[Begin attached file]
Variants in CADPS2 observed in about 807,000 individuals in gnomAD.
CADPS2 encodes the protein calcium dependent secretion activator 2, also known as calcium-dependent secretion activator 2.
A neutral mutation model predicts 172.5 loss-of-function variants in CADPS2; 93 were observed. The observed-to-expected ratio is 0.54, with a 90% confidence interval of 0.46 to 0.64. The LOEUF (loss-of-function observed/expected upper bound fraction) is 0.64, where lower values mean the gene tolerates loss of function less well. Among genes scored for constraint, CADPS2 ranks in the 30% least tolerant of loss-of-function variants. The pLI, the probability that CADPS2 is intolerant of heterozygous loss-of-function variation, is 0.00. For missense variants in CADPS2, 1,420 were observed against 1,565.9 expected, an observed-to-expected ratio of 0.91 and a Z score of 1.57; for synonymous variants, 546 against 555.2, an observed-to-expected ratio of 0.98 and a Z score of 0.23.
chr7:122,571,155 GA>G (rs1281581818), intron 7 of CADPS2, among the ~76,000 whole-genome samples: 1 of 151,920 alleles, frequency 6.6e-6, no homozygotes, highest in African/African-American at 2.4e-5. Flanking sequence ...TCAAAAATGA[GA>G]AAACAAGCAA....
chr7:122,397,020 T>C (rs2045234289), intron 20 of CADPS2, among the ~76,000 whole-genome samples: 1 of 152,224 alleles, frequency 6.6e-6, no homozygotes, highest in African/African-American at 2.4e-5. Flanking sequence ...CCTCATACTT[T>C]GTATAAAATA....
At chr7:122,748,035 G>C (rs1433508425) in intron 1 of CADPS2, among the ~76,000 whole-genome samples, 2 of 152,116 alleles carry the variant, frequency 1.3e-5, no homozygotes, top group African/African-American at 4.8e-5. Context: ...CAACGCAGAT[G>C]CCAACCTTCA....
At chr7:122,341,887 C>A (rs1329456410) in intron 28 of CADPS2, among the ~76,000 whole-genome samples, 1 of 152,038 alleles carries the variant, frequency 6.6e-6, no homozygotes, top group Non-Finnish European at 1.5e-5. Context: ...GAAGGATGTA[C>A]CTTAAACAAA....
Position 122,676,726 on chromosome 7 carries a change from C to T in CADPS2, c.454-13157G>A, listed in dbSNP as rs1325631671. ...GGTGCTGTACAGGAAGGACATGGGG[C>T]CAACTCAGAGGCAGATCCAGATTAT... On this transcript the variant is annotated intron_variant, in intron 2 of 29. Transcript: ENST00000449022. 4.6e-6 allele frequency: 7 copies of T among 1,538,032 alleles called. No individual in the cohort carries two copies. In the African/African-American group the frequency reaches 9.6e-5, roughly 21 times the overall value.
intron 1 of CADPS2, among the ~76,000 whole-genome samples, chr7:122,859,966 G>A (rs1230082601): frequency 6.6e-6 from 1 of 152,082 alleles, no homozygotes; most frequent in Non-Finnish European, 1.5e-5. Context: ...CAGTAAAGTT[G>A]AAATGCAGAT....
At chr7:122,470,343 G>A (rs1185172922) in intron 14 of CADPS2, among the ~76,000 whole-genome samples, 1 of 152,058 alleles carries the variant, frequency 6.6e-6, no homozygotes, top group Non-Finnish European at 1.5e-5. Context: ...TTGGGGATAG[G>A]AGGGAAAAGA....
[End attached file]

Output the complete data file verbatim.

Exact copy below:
Variants in CADPS2 observed in about 807,000 individuals in gnomAD.
CADPS2 encodes the protein calcium dependent secretion activator 2, also known as calcium-dependent secretion activator 2.
A neutral mutation model predicts 172.5 loss-of-function variants in CADPS2; 93 were observed. The observed-to-expected ratio is 0.54, with a 90% confidence interval of 0.46 to 0.64. The LOEUF (loss-of-function observed/expected upper bound fraction) is 0.64, where lower values mean the gene tolerates loss of function less well. Among genes scored for constraint, CADPS2 ranks in the 30% least tolerant of loss-of-function variants. The pLI, the probability that CADPS2 is intolerant of heterozygous loss-of-function variation, is 0.00. For missense variants in CADPS2, 1,420 were observed against 1,565.9 expected, an observed-to-expected ratio of 0.91 and a Z score of 1.57; for synonymous variants, 546 against 555.2, an observed-to-expected ratio of 0.98 and a Z score of 0.23.
chr7:122,571,155 GA>G (rs1281581818), intron 7 of CADPS2, among the ~76,000 whole-genome samples: 1 of 151,920 alleles, frequency 6.6e-6, no homozygotes, highest in African/African-American at 2.4e-5. Flanking sequence ...TCAAAAATGA[GA>G]AAACAAGCAA....
chr7:122,397,020 T>C (rs2045234289), intron 20 of CADPS2, among the ~76,000 whole-genome samples: 1 of 152,224 alleles, frequency 6.6e-6, no homozygotes, highest in African/African-American at 2.4e-5. Flanking sequence ...CCTCATACTT[T>C]GTATAAAATA....
At chr7:122,748,035 G>C (rs1433508425) in intron 1 of CADPS2, among the ~76,000 whole-genome samples, 2 of 152,116 alleles carry the variant, frequency 1.3e-5, no homozygotes, top group African/African-American at 4.8e-5. Context: ...CAACGCAGAT[G>C]CCAACCTTCA....
At chr7:122,341,887 C>A (rs1329456410) in intron 28 of CADPS2, among the ~76,000 whole-genome samples, 1 of 152,038 alleles carries the variant, frequency 6.6e-6, no homozygotes, top group Non-Finnish European at 1.5e-5. Context: ...GAAGGATGTA[C>A]CTTAAACAAA....
Position 122,676,726 on chromosome 7 carries a change from C to T in CADPS2, c.454-13157G>A, listed in dbSNP as rs1325631671. ...GGTGCTGTACAGGAAGGACATGGGG[C>T]CAACTCAGAGGCAGATCCAGATTAT... On this transcript the variant is annotated intron_variant, in intron 2 of 29. Transcript: ENST00000449022. 4.6e-6 allele frequency: 7 copies of T among 1,538,032 alleles called. No individual in the cohort carries two copies. In the African/African-American group the frequency reaches 9.6e-5, roughly 21 times the overall value.
intron 1 of CADPS2, among the ~76,000 whole-genome samples, chr7:122,859,966 G>A (rs1230082601): frequency 6.6e-6 from 1 of 152,082 alleles, no homozygotes; most frequent in Non-Finnish European, 1.5e-5. Context: ...CAGTAAAGTT[G>A]AAATGCAGAT....
At chr7:122,470,343 G>A (rs1185172922) in intron 14 of CADPS2, among the ~76,000 whole-genome samples, 1 of 152,058 alleles carries the variant, frequency 6.6e-6, no homozygotes, top group Non-Finnish European at 1.5e-5. Context: ...TTGGGGATAG[G>A]AGGGAAAAGA....